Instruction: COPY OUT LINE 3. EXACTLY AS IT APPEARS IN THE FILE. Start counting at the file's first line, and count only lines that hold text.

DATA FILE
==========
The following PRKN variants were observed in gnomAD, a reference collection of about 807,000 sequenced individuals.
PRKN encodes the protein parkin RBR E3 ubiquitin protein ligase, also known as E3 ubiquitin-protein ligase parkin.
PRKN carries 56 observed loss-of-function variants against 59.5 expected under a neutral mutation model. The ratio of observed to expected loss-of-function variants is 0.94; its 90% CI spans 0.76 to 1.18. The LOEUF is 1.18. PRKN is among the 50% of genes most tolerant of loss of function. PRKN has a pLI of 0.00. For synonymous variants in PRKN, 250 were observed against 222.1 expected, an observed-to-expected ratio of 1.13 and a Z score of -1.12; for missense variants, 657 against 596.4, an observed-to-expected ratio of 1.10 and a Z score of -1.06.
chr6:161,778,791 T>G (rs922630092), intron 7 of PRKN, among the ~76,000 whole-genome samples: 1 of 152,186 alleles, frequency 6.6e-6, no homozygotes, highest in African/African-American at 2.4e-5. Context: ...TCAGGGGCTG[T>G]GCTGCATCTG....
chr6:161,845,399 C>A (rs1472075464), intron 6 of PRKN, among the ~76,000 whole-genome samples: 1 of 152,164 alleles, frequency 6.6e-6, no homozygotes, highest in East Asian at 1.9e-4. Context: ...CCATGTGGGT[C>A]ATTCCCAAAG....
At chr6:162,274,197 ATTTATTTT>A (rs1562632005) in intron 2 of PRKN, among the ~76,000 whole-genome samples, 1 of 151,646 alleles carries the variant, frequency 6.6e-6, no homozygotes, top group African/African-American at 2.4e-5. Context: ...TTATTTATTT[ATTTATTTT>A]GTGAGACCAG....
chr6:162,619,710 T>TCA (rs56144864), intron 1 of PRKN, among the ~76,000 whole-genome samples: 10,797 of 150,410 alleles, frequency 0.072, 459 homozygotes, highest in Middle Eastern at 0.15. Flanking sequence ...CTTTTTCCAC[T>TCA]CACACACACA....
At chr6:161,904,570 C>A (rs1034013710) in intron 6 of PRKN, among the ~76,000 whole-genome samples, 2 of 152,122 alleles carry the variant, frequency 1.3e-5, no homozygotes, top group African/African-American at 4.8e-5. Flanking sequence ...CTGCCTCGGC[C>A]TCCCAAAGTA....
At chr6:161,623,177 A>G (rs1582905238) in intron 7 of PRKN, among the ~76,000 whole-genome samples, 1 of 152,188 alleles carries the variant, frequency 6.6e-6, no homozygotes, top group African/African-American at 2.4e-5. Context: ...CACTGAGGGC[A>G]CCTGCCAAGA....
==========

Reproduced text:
PRKN carries 56 observed loss-of-function variants against 59.5 expected under a neutral mutation model. The ratio of observed to expected loss-of-function variants is 0.94; its 90% CI spans 0.76 to 1.18. The LOEUF is 1.18. PRKN is among the 50% of genes most tolerant of loss of function. PRKN has a pLI of 0.00. For synonymous variants in PRKN, 250 were observed against 222.1 expected, an observed-to-expected ratio of 1.13 and a Z score of -1.12; for missense variants, 657 against 596.4, an observed-to-expected ratio of 1.10 and a Z score of -1.06.